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US Commander Says Iraq Force Must Not Be Reduced

US General John Abizaid. Photo courtesy of AFP.
by Staff Writers
Washington (AFP) Nov 15, 2006
The US military commander for the Middle East said Wednesday that American troops levels in Iraq should not be reduced as he faced a barrage of intense and often hostile questioning in Congress. General John Abizaid said that extra troops were also not the answer to the Iraq crisis, though he warned the country could slump into a full blown civil war within four-to-six months if escalating violence was not ended.

The United States currently has 144,000 troops in Iraq but faces mounting domestic pressure, particularly from the Democrats who control Congress, to start a withdrawal.

"Under current circumstances, I would not recommend troop withdrawals," Abizaid told lawmakers.

But he added: "I do not believe that more American troops right now is the solution to the problem."

The head of Central Command, which takes in the Middle East and Afghanistan, insisted in testimony to a Senate Armed Services Committee hearing on US policy in Iraq that Iraqi security forces needed to take over security responsibilities more quickly.

He said he had told Iraqi Prime Minister Nuri al-Maliki during a meeting on Monday that Shiite militias must be disbanded "very soon."

Abizaid told the committee that US and Iraqi forces have four to six months to get the levels of sectarian violence down before it tips into civil war.

"I remain optimistic we can stabilize Iraq," Abizaid said in his opening statement to the panel.

But he faced hostile questioning from Democrats and even some Republicans, whose election hammering last week has been widely blamed on the Iraq crisis.

"I regret deeply that you seem to think that the staus quo and the rate of progress we're making is acceptable. I think most Americans do not," said Senator John McCain, a Vietnam veteran expected to run for the Republican nomination for the presidency in 2008.

Abizaid warned that failure to quell the violence could embolden Iran and Al-Qaeda and deepen Sunni-Shiite divisions in the region.

Levels of sectarian violence in Iraq, though down from last month, were still "dangerously high," he said.

Abizaid said US commanders believe that Iraqi security forces could take control faster if the United States beefed up training teams embedded with the Iraqis, speeded up the delivery of equipment to make them more mobile, and embraced an Iraqi-led effort to root out militias.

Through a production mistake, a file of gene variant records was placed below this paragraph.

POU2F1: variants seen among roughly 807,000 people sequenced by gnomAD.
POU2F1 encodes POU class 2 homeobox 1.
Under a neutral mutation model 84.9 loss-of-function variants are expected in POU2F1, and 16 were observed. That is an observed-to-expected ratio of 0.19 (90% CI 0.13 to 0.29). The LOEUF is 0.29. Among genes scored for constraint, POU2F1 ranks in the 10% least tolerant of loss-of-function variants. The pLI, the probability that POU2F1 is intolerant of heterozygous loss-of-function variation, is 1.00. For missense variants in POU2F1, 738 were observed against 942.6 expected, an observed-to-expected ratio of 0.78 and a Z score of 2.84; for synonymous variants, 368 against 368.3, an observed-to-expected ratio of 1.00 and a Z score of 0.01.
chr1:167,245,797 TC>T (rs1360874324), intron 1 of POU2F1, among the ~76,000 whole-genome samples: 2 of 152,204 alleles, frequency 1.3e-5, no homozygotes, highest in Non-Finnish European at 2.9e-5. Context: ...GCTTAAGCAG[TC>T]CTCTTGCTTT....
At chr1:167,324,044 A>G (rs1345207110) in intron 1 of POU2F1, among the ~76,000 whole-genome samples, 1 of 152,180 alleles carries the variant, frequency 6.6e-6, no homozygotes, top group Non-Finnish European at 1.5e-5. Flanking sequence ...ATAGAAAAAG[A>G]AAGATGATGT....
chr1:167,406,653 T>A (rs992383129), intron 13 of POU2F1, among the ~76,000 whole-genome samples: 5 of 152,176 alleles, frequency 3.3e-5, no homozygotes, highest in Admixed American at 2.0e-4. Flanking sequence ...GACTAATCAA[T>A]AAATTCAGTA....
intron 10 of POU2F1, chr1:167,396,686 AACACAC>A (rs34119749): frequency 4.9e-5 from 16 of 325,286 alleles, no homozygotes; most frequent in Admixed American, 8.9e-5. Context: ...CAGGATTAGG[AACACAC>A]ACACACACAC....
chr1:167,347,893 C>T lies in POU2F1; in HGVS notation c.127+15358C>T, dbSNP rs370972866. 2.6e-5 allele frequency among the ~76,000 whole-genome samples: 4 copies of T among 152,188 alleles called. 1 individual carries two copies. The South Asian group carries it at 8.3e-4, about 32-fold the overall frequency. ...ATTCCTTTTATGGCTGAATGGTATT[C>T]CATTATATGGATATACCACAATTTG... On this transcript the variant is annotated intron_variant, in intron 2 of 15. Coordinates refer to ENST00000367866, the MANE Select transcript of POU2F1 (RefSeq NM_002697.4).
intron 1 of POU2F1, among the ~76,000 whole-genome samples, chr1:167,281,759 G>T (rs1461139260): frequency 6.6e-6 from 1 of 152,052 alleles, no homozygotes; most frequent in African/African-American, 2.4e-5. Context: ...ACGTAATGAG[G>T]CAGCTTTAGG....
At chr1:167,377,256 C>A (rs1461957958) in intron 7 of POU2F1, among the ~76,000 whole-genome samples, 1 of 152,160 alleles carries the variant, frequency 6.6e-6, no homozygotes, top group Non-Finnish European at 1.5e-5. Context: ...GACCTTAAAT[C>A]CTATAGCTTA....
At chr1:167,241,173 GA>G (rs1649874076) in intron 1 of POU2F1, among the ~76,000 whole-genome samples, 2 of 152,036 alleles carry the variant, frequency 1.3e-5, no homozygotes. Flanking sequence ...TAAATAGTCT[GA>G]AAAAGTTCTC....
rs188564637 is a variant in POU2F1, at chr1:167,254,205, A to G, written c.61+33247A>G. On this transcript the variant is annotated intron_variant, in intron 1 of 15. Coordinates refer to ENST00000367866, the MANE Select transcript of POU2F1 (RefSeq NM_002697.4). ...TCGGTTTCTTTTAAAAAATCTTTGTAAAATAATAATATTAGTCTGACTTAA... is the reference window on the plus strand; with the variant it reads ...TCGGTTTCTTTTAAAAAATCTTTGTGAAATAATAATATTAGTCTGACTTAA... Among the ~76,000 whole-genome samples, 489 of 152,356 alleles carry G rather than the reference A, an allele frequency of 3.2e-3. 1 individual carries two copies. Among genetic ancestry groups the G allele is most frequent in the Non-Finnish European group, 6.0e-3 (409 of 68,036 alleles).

"Iraqis and Americans alike believe that Iraq can stabilize and the key to stabilization is effective, loyal, non-sectarian Iraqi security forces coupled with an effective government of national unity," he said.

His testimony came as President George W. Bush faces mounting pressure for a major change in his Iraq policy.

A bipartisan Iraq Study Panel is to make policy recommendations in a report expected to be released soon.

Bush has also launched an internal review of US policy in Iraq, national security advisor Stephen Hadley said Wednesday.

He said a review by the Joint Chiefs of Staff, the State Department, and the National Security Council (NSC) had been underway "fairly discretely" for weeks.

Hadley added that Bush met with his top national security advisors on Tuesday and ordered the internal review process be integrated in a single report by the NSC.

Source: Agence France-Presse

Related Links
Iraq: The first techonology war of the 21st century

Iraq Partition Called Wholly Unacceptable But Formal Policy Review Underway
Washington (AFP) Nov 15, 2006
Partition of Iraq along sectarian lines is "wholly unacceptable" to the United States, a senior State Department official said Wednesday, warning of the high cost in human suffering. "Partition in Iraq could only be achieved at an expense of human suffering and bloodshed and forced dislocation that would be both profound and wholly unacceptable, I believe, to the American people," said Ambassador David Satterfield, the State Department's coordinator of Iraq policy.







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